The arrival of the Outlaws means New Zealand now hosts all three of the largest motorcycle clubs in the world. They join the Hells Angels, which formed in the early 1960s, and the recently established Bandidos.
The Outlaws originally formed in Illinois in 1935 but now exist all around the world and are recognisable by their modified use of the ‘skull and cross bones’ back patch, with the bones being replaced by pistons. Known as ‘Charlie’, the symbol was adopted by the club after a similar back patch was made famous by the film The Wild One staring Marlon Brando in 1954.
The Outlaws, which are incorporated as the American Outlaw Association (AOA) have gained its foothold in New Zealand by patching over a club of the same name that was established in Napier, New Zealand in 1968, but up until this point had friendly relations but no formal affiliations with the AOA.
The Outlaws of Australia have a longer history in New Zealand than that, however, having had associations with the South Island based Devil’s Henchmen back in the 1990s, before the groups fell out.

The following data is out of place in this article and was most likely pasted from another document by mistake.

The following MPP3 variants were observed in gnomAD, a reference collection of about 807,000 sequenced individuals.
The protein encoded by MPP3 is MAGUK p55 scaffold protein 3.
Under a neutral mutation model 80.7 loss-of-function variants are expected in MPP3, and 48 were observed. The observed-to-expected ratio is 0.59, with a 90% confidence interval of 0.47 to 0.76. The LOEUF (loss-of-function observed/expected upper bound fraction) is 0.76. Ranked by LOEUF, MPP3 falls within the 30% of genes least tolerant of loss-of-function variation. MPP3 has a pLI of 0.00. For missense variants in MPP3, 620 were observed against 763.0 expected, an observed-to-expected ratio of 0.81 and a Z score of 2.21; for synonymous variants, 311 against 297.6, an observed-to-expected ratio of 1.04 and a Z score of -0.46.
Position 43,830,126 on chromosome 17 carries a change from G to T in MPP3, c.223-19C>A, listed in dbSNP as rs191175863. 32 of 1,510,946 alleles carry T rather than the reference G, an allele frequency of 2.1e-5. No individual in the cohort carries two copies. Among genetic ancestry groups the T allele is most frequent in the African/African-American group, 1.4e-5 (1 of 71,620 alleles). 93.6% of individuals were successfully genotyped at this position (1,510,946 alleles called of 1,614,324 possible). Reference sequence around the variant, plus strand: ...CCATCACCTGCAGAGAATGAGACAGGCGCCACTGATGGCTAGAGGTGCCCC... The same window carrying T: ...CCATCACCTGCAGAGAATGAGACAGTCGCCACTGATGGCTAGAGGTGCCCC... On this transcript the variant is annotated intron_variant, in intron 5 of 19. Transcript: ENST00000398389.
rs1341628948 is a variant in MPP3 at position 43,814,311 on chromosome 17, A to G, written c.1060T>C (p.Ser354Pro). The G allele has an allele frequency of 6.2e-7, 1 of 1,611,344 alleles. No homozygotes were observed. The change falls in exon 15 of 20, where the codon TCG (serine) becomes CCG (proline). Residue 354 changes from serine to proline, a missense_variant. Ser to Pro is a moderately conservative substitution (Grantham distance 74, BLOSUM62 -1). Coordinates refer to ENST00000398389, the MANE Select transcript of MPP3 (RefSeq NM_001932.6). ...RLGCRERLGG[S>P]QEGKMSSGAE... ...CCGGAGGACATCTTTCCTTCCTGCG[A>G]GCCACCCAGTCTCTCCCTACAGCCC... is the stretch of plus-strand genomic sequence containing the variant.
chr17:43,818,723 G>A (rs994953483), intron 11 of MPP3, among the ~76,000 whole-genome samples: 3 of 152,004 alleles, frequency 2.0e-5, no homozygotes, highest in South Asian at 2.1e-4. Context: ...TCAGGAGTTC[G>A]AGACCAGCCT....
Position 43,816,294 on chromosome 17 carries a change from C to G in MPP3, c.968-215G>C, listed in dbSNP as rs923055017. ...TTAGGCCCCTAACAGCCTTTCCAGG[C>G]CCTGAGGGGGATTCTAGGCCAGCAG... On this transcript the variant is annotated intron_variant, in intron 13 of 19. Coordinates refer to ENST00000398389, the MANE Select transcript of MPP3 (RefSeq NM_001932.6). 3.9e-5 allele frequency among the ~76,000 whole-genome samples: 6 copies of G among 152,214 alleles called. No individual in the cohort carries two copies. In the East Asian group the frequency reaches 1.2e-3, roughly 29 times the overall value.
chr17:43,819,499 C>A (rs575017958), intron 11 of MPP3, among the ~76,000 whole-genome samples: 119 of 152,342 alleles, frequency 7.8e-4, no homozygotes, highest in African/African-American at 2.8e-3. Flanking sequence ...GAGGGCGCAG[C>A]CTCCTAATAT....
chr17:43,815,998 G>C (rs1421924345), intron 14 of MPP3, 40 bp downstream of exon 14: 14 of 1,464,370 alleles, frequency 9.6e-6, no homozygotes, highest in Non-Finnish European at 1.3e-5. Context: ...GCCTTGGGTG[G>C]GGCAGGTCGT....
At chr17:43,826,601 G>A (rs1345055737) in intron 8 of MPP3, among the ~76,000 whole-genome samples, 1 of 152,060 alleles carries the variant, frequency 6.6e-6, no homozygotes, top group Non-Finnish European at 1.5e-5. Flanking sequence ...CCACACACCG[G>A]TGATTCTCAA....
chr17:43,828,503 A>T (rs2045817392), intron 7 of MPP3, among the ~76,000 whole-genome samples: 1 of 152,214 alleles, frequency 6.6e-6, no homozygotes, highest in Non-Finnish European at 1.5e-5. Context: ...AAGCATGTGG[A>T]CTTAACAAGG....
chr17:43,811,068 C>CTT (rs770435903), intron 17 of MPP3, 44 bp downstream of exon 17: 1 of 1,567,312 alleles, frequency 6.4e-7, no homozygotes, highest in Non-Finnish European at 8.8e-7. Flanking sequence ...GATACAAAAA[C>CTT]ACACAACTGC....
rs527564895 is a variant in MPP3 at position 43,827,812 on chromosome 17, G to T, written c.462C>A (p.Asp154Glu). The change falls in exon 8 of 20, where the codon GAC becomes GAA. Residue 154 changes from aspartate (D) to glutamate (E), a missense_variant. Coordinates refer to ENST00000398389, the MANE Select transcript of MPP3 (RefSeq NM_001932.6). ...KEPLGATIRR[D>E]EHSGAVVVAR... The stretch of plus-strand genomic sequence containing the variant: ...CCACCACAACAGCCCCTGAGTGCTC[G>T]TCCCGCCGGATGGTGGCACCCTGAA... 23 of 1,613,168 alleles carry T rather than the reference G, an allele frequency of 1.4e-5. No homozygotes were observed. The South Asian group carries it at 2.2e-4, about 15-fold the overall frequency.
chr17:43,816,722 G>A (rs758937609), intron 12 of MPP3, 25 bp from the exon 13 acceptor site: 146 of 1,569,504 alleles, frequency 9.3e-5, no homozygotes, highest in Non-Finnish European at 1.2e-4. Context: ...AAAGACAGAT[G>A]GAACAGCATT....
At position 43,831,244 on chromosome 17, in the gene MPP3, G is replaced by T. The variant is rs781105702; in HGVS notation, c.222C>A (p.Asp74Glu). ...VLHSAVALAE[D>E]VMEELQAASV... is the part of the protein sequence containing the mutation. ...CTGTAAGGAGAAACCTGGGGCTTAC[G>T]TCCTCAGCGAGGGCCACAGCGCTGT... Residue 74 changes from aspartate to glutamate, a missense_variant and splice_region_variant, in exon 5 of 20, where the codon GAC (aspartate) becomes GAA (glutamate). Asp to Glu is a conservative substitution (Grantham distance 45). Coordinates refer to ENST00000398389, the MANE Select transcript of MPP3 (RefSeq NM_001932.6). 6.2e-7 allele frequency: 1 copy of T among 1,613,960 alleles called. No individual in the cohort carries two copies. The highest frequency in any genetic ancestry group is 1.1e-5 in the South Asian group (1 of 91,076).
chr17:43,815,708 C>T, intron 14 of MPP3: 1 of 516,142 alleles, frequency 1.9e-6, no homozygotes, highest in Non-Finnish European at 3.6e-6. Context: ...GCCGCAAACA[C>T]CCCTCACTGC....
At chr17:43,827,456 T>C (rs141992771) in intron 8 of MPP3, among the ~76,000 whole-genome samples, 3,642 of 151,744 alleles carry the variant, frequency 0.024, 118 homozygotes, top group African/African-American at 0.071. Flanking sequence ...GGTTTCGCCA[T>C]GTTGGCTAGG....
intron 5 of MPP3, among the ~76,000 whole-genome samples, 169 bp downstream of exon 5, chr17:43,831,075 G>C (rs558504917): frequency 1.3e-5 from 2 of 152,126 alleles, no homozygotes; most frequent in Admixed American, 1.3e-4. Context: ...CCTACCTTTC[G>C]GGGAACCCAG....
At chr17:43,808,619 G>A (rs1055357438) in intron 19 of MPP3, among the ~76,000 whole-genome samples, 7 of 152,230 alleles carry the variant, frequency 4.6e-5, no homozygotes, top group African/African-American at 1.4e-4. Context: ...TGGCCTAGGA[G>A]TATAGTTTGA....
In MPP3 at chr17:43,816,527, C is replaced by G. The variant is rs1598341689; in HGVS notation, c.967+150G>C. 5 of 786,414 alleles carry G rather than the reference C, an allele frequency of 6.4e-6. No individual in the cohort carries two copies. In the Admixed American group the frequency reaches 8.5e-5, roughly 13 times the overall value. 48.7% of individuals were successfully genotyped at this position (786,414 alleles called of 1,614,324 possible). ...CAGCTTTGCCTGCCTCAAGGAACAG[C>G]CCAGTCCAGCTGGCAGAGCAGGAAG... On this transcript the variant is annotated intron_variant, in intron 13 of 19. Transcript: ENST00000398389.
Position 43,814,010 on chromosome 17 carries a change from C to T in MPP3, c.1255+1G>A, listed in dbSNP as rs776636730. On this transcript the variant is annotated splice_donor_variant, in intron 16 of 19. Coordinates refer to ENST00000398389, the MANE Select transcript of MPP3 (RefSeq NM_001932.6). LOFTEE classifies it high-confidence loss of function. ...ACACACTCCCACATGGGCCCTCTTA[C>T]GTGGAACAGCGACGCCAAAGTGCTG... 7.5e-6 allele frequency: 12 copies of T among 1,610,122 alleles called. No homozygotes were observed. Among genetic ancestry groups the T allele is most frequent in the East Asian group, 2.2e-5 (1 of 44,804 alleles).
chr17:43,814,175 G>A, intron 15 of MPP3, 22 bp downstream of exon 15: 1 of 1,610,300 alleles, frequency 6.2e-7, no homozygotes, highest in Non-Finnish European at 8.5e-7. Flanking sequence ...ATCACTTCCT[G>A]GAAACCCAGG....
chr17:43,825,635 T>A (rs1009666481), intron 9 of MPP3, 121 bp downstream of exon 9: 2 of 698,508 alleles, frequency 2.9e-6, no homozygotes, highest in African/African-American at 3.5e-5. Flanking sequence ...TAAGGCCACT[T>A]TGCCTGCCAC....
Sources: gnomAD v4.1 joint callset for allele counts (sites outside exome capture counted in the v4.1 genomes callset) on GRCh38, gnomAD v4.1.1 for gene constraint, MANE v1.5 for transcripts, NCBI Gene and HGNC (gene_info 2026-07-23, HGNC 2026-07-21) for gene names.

Apart from the patch-over, plans are also afoot to start a supporter club in Auckland under the name Black & White 15 with the goal of forming a second chapter. The name is derived from the colours of the club, and O, for Outlaw, being the 15th letter of the alphabet.
The establishment of the AOA further highlights the growth in the outlaw motorcycle scene in New Zealand generally. The beginning of this upsurge was signalled by the arrival of Australia’s biggest outlaw club the Rebels in 2010 and since then several new groups have formed.
While there are those in Auckland who support the AOA and have Australian connections, any formal support group established there will need the approval of the Napier chapter. Currently, Napier has no plans to establish a Black and White 15 group in Auckland.